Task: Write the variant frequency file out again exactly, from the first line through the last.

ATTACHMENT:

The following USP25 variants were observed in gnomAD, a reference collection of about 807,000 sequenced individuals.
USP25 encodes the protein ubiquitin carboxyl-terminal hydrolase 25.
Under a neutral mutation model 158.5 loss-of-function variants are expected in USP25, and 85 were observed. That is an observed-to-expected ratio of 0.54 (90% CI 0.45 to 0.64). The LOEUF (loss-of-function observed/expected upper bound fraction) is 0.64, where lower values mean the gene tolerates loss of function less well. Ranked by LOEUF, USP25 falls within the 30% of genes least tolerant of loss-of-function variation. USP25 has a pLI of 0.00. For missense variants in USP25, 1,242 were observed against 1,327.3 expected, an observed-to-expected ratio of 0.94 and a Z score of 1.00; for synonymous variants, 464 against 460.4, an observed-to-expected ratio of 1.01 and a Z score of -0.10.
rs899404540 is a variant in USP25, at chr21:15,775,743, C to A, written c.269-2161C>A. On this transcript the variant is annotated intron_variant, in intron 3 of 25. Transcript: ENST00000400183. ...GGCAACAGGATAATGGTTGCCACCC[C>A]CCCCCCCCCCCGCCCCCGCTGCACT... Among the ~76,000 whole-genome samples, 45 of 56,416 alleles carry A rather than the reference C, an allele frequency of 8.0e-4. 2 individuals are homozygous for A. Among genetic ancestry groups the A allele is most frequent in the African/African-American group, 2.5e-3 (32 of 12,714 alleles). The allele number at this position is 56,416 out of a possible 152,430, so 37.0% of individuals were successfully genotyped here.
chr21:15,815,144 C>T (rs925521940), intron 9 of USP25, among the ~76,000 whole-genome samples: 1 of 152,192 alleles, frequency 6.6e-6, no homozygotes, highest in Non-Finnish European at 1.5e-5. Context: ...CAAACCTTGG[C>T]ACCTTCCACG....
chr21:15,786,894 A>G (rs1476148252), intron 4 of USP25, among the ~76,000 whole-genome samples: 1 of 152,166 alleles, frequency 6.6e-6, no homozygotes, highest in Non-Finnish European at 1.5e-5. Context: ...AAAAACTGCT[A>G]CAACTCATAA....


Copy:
The following USP25 variants were observed in gnomAD, a reference collection of about 807,000 sequenced individuals.
USP25 encodes the protein ubiquitin carboxyl-terminal hydrolase 25.
Under a neutral mutation model 158.5 loss-of-function variants are expected in USP25, and 85 were observed. That is an observed-to-expected ratio of 0.54 (90% CI 0.45 to 0.64). The LOEUF (loss-of-function observed/expected upper bound fraction) is 0.64, where lower values mean the gene tolerates loss of function less well. Ranked by LOEUF, USP25 falls within the 30% of genes least tolerant of loss-of-function variation. USP25 has a pLI of 0.00. For missense variants in USP25, 1,242 were observed against 1,327.3 expected, an observed-to-expected ratio of 0.94 and a Z score of 1.00; for synonymous variants, 464 against 460.4, an observed-to-expected ratio of 1.01 and a Z score of -0.10.
rs899404540 is a variant in USP25, at chr21:15,775,743, C to A, written c.269-2161C>A. On this transcript the variant is annotated intron_variant, in intron 3 of 25. Transcript: ENST00000400183. ...GGCAACAGGATAATGGTTGCCACCC[C>A]CCCCCCCCCCCGCCCCCGCTGCACT... Among the ~76,000 whole-genome samples, 45 of 56,416 alleles carry A rather than the reference C, an allele frequency of 8.0e-4. 2 individuals are homozygous for A. Among genetic ancestry groups the A allele is most frequent in the African/African-American group, 2.5e-3 (32 of 12,714 alleles). The allele number at this position is 56,416 out of a possible 152,430, so 37.0% of individuals were successfully genotyped here.
chr21:15,815,144 C>T (rs925521940), intron 9 of USP25, among the ~76,000 whole-genome samples: 1 of 152,192 alleles, frequency 6.6e-6, no homozygotes, highest in Non-Finnish European at 1.5e-5. Context: ...CAAACCTTGG[C>T]ACCTTCCACG....
chr21:15,786,894 A>G (rs1476148252), intron 4 of USP25, among the ~76,000 whole-genome samples: 1 of 152,166 alleles, frequency 6.6e-6, no homozygotes, highest in Non-Finnish European at 1.5e-5. Context: ...AAAAACTGCT[A>G]CAACTCATAA....